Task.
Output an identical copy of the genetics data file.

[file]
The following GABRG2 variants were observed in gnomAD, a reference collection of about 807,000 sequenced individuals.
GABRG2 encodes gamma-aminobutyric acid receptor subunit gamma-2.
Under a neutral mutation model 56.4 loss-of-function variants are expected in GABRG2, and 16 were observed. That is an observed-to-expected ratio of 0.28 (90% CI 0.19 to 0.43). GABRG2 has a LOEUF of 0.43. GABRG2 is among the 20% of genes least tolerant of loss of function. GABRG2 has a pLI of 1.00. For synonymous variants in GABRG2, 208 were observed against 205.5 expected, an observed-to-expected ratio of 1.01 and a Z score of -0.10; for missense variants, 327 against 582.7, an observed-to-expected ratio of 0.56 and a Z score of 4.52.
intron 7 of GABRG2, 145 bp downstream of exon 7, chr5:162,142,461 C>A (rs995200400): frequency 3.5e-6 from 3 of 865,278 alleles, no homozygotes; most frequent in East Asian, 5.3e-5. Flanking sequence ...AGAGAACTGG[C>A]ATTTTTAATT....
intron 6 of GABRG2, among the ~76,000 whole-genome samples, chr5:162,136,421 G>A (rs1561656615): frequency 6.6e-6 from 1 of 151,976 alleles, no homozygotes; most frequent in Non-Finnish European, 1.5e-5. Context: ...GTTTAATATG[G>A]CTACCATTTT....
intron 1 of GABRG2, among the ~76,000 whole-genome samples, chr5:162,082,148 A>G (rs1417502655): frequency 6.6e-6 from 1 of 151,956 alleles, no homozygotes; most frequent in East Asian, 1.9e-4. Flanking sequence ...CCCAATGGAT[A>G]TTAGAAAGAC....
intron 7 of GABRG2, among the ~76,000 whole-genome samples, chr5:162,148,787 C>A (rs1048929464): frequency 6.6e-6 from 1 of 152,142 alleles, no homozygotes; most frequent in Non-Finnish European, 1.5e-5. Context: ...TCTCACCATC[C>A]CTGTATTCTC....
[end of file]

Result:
The following GABRG2 variants were observed in gnomAD, a reference collection of about 807,000 sequenced individuals.
GABRG2 encodes gamma-aminobutyric acid receptor subunit gamma-2.
Under a neutral mutation model 56.4 loss-of-function variants are expected in GABRG2, and 16 were observed. That is an observed-to-expected ratio of 0.28 (90% CI 0.19 to 0.43). GABRG2 has a LOEUF of 0.43. GABRG2 is among the 20% of genes least tolerant of loss of function. GABRG2 has a pLI of 1.00. For synonymous variants in GABRG2, 208 were observed against 205.5 expected, an observed-to-expected ratio of 1.01 and a Z score of -0.10; for missense variants, 327 against 582.7, an observed-to-expected ratio of 0.56 and a Z score of 4.52.
intron 7 of GABRG2, 145 bp downstream of exon 7, chr5:162,142,461 C>A (rs995200400): frequency 3.5e-6 from 3 of 865,278 alleles, no homozygotes; most frequent in East Asian, 5.3e-5. Flanking sequence ...AGAGAACTGG[C>A]ATTTTTAATT....
intron 6 of GABRG2, among the ~76,000 whole-genome samples, chr5:162,136,421 G>A (rs1561656615): frequency 6.6e-6 from 1 of 151,976 alleles, no homozygotes; most frequent in Non-Finnish European, 1.5e-5. Context: ...GTTTAATATG[G>A]CTACCATTTT....
intron 1 of GABRG2, among the ~76,000 whole-genome samples, chr5:162,082,148 A>G (rs1417502655): frequency 6.6e-6 from 1 of 151,956 alleles, no homozygotes; most frequent in East Asian, 1.9e-4. Flanking sequence ...CCCAATGGAT[A>G]TTAGAAAGAC....
intron 7 of GABRG2, among the ~76,000 whole-genome samples, chr5:162,148,787 C>A (rs1048929464): frequency 6.6e-6 from 1 of 152,142 alleles, no homozygotes; most frequent in Non-Finnish European, 1.5e-5. Context: ...TCTCACCATC[C>A]CTGTATTCTC....